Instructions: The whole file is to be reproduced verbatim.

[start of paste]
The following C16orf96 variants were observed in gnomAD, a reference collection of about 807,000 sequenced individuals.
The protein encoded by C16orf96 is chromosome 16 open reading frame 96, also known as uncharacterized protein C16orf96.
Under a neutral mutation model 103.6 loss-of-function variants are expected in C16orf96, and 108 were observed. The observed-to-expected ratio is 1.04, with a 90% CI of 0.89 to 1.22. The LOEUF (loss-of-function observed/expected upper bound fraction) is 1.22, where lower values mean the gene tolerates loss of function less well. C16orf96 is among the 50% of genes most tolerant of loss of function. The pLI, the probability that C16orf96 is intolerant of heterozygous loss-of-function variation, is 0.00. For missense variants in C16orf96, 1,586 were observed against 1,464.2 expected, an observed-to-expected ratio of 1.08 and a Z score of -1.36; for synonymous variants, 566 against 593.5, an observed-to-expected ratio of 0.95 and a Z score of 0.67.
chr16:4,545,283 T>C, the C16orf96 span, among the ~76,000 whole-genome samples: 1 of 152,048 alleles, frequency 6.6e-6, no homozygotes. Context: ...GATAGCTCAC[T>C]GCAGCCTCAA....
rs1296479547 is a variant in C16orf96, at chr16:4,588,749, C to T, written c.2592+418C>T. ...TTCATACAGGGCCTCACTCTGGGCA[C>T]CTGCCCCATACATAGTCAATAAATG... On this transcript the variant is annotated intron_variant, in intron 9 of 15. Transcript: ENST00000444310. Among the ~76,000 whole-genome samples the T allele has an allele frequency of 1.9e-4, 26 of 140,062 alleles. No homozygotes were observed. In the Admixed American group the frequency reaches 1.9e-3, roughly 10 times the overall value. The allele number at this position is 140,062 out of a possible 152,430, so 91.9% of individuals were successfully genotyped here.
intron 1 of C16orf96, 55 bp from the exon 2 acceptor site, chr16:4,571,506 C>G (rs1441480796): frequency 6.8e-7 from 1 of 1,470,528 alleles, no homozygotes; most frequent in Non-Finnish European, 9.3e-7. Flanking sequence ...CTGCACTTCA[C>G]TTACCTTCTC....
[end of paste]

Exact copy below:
The following C16orf96 variants were observed in gnomAD, a reference collection of about 807,000 sequenced individuals.
The protein encoded by C16orf96 is chromosome 16 open reading frame 96, also known as uncharacterized protein C16orf96.
Under a neutral mutation model 103.6 loss-of-function variants are expected in C16orf96, and 108 were observed. The observed-to-expected ratio is 1.04, with a 90% CI of 0.89 to 1.22. The LOEUF (loss-of-function observed/expected upper bound fraction) is 1.22, where lower values mean the gene tolerates loss of function less well. C16orf96 is among the 50% of genes most tolerant of loss of function. The pLI, the probability that C16orf96 is intolerant of heterozygous loss-of-function variation, is 0.00. For missense variants in C16orf96, 1,586 were observed against 1,464.2 expected, an observed-to-expected ratio of 1.08 and a Z score of -1.36; for synonymous variants, 566 against 593.5, an observed-to-expected ratio of 0.95 and a Z score of 0.67.
chr16:4,545,283 T>C, the C16orf96 span, among the ~76,000 whole-genome samples: 1 of 152,048 alleles, frequency 6.6e-6, no homozygotes. Context: ...GATAGCTCAC[T>C]GCAGCCTCAA....
rs1296479547 is a variant in C16orf96, at chr16:4,588,749, C to T, written c.2592+418C>T. ...TTCATACAGGGCCTCACTCTGGGCA[C>T]CTGCCCCATACATAGTCAATAAATG... On this transcript the variant is annotated intron_variant, in intron 9 of 15. Transcript: ENST00000444310. Among the ~76,000 whole-genome samples the T allele has an allele frequency of 1.9e-4, 26 of 140,062 alleles. No homozygotes were observed. In the Admixed American group the frequency reaches 1.9e-3, roughly 10 times the overall value. The allele number at this position is 140,062 out of a possible 152,430, so 91.9% of individuals were successfully genotyped here.
intron 1 of C16orf96, 55 bp from the exon 2 acceptor site, chr16:4,571,506 C>G (rs1441480796): frequency 6.8e-7 from 1 of 1,470,528 alleles, no homozygotes; most frequent in Non-Finnish European, 9.3e-7. Flanking sequence ...CTGCACTTCA[C>G]TTACCTTCTC....